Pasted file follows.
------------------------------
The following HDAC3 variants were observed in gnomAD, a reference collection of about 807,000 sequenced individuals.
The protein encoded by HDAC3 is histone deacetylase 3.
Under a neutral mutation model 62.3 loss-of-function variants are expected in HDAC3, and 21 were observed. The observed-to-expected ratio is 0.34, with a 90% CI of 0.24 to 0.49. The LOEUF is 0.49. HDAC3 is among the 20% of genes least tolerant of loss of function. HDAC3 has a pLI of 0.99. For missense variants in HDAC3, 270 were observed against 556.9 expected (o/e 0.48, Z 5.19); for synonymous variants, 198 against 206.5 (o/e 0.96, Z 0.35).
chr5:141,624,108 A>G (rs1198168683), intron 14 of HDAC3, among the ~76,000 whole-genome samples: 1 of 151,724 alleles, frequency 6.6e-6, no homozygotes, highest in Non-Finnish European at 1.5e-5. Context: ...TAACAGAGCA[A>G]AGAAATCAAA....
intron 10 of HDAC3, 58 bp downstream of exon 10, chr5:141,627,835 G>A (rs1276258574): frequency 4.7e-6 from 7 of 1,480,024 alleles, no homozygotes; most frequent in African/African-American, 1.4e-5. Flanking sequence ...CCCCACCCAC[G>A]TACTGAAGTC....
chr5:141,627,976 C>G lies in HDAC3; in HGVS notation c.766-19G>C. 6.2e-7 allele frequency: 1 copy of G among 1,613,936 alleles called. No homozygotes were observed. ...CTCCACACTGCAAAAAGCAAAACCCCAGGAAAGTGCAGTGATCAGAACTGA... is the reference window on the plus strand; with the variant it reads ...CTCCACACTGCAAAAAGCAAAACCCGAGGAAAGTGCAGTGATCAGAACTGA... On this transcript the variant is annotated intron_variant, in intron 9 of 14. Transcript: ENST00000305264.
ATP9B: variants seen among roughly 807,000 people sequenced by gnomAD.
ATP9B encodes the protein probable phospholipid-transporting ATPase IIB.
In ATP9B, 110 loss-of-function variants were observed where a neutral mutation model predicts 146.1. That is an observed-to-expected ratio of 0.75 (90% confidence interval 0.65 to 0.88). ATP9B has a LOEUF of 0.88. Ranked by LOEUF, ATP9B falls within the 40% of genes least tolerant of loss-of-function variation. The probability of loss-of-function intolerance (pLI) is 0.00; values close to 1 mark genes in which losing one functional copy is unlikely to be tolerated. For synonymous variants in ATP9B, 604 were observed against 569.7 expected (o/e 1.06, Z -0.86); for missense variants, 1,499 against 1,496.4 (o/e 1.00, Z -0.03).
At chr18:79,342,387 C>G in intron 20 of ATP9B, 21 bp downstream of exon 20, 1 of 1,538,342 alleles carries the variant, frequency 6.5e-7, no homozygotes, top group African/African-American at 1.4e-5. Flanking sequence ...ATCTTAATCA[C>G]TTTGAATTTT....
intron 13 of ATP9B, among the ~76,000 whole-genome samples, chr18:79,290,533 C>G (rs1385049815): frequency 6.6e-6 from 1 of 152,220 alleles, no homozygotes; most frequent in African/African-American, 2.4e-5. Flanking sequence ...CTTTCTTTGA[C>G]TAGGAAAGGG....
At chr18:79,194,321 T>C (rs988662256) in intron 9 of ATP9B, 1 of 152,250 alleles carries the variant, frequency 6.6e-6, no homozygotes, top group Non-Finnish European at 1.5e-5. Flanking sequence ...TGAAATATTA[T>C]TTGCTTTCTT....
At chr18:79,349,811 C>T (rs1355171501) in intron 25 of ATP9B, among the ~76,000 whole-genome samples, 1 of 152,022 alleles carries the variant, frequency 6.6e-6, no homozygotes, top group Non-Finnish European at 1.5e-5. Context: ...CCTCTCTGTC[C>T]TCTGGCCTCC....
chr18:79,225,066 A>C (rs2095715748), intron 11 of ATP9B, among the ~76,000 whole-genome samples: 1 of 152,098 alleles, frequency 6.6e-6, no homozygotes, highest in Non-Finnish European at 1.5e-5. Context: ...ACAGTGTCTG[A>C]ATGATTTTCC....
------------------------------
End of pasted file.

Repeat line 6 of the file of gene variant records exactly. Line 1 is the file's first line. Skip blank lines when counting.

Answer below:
chr5:141,627,976 C>G lies in HDAC3; in HGVS notation c.766-19G>C. 6.2e-7 allele frequency: 1 copy of G among 1,613,936 alleles called. No homozygotes were observed. ...CTCCACACTGCAAAAAGCAAAACCCCAGGAAAGTGCAGTGATCAGAACTGA... is the reference window on the plus strand; with the variant it reads ...CTCCACACTGCAAAAAGCAAAACCCGAGGAAAGTGCAGTGATCAGAACTGA... On this transcript the variant is annotated intron_variant, in intron 9 of 14. Transcript: ENST00000305264.